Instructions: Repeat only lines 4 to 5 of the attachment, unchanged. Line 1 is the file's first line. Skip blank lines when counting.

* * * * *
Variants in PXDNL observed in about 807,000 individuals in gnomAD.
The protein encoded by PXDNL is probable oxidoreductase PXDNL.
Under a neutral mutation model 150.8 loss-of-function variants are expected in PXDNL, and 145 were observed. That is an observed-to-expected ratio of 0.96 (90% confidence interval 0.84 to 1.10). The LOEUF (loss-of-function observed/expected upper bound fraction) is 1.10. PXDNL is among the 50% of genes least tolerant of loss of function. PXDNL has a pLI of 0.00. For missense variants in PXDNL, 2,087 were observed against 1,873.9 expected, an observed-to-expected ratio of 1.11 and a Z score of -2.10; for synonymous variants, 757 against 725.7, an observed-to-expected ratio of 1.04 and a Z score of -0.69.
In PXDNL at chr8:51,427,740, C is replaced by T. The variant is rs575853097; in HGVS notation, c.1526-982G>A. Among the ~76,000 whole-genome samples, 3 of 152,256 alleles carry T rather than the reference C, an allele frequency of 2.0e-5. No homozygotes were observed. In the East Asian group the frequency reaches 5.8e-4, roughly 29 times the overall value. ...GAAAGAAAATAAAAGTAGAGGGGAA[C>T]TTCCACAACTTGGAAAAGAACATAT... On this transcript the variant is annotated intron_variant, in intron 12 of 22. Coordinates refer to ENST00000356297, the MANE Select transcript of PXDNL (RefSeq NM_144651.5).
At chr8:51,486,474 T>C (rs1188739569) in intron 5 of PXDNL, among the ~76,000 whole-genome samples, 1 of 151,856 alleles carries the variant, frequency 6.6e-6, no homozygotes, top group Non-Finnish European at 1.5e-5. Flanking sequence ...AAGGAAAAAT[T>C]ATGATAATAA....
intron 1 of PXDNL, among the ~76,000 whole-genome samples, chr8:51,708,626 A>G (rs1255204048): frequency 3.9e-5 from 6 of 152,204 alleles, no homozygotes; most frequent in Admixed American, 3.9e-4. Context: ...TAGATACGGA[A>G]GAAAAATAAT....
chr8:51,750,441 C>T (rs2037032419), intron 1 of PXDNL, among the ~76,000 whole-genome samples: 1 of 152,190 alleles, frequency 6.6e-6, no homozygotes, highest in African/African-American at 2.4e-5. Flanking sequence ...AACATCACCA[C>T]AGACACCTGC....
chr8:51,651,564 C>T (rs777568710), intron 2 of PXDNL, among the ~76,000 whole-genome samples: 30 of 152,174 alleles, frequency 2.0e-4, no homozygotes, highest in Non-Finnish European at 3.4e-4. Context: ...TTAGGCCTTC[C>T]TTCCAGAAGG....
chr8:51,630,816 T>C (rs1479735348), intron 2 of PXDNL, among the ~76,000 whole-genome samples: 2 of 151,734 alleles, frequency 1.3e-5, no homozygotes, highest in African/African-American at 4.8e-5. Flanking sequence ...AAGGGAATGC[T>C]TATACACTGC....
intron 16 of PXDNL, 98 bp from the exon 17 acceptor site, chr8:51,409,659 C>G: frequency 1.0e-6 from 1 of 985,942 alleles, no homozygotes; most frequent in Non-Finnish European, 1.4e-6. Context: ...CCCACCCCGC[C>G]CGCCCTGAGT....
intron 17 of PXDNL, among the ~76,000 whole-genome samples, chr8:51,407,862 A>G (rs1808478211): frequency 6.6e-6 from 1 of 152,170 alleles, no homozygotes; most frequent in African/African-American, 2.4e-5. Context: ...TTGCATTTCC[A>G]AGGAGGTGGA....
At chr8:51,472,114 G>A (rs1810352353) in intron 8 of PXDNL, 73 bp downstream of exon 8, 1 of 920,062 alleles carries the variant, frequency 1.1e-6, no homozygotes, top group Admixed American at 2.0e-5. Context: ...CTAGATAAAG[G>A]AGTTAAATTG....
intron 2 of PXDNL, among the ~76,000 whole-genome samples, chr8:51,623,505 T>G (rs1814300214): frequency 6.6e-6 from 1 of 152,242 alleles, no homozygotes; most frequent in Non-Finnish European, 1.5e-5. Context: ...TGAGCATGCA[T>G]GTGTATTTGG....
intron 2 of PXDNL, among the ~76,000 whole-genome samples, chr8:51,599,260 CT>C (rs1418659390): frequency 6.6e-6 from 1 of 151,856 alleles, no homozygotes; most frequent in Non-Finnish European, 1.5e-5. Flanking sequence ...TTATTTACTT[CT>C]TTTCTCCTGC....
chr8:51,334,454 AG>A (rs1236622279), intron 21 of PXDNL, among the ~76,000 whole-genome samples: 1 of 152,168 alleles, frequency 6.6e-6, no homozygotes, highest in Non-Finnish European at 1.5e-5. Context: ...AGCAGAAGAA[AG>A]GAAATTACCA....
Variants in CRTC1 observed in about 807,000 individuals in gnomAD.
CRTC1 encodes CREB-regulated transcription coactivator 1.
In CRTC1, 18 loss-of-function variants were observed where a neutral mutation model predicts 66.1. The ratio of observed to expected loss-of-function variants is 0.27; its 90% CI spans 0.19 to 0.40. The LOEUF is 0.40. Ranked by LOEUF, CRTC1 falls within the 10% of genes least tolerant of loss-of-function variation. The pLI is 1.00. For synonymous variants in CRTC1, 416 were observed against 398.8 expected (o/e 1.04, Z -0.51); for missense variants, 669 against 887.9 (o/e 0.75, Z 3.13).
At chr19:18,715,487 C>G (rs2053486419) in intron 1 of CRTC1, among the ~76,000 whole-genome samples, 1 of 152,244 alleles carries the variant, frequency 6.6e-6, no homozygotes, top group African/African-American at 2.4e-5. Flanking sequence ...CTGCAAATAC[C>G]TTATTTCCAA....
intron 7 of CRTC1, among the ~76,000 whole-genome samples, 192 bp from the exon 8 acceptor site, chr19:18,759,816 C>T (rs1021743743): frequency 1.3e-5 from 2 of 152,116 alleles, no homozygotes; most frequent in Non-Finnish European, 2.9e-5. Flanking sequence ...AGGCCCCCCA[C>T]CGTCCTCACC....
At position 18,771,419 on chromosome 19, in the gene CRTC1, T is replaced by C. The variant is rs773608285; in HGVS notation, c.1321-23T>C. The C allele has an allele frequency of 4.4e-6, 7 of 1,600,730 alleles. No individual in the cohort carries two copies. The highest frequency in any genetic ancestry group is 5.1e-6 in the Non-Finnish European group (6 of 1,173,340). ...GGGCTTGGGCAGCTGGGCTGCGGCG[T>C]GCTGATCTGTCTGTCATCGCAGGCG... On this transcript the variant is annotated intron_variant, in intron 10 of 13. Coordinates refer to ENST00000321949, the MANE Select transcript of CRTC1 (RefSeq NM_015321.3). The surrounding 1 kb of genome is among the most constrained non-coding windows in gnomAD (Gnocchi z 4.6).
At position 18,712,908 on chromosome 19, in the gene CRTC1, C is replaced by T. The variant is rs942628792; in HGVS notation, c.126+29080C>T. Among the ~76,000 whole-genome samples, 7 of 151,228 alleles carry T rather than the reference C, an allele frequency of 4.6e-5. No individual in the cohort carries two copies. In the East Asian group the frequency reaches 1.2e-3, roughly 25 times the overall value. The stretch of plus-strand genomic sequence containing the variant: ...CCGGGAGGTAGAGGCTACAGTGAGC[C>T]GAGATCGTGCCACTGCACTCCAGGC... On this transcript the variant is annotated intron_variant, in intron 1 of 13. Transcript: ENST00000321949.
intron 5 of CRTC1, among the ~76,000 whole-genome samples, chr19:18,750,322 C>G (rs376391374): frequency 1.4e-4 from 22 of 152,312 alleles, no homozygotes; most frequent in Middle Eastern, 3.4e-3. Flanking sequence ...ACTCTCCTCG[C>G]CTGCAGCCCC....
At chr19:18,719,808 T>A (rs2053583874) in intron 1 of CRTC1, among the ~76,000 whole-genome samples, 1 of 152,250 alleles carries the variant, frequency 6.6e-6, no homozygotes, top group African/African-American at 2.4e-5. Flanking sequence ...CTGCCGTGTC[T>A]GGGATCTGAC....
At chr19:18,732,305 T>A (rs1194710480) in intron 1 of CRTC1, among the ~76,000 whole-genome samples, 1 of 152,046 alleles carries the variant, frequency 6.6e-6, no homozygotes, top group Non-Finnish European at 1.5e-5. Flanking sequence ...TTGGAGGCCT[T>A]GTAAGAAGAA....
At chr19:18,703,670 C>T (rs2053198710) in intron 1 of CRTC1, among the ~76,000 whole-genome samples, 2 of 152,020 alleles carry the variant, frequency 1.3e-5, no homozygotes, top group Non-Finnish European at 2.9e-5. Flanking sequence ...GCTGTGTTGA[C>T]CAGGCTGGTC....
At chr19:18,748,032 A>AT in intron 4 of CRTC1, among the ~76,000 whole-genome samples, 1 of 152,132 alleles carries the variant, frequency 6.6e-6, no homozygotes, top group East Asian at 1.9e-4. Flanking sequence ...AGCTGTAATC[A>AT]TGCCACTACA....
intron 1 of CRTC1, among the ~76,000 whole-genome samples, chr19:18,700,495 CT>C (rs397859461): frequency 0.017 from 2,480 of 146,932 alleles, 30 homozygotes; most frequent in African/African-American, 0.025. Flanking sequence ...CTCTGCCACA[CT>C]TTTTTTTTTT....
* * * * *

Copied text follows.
In PXDNL at chr8:51,427,740, C is replaced by T. The variant is rs575853097; in HGVS notation, c.1526-982G>A. Among the ~76,000 whole-genome samples, 3 of 152,256 alleles carry T rather than the reference C, an allele frequency of 2.0e-5. No homozygotes were observed. In the East Asian group the frequency reaches 5.8e-4, roughly 29 times the overall value. ...GAAAGAAAATAAAAGTAGAGGGGAA[C>T]TTCCACAACTTGGAAAAGAACATAT... On this transcript the variant is annotated intron_variant, in intron 12 of 22. Coordinates refer to ENST00000356297, the MANE Select transcript of PXDNL (RefSeq NM_144651.5).
At chr8:51,486,474 T>C (rs1188739569) in intron 5 of PXDNL, among the ~76,000 whole-genome samples, 1 of 151,856 alleles carries the variant, frequency 6.6e-6, no homozygotes, top group Non-Finnish European at 1.5e-5. Flanking sequence ...AAGGAAAAAT[T>C]ATGATAATAA....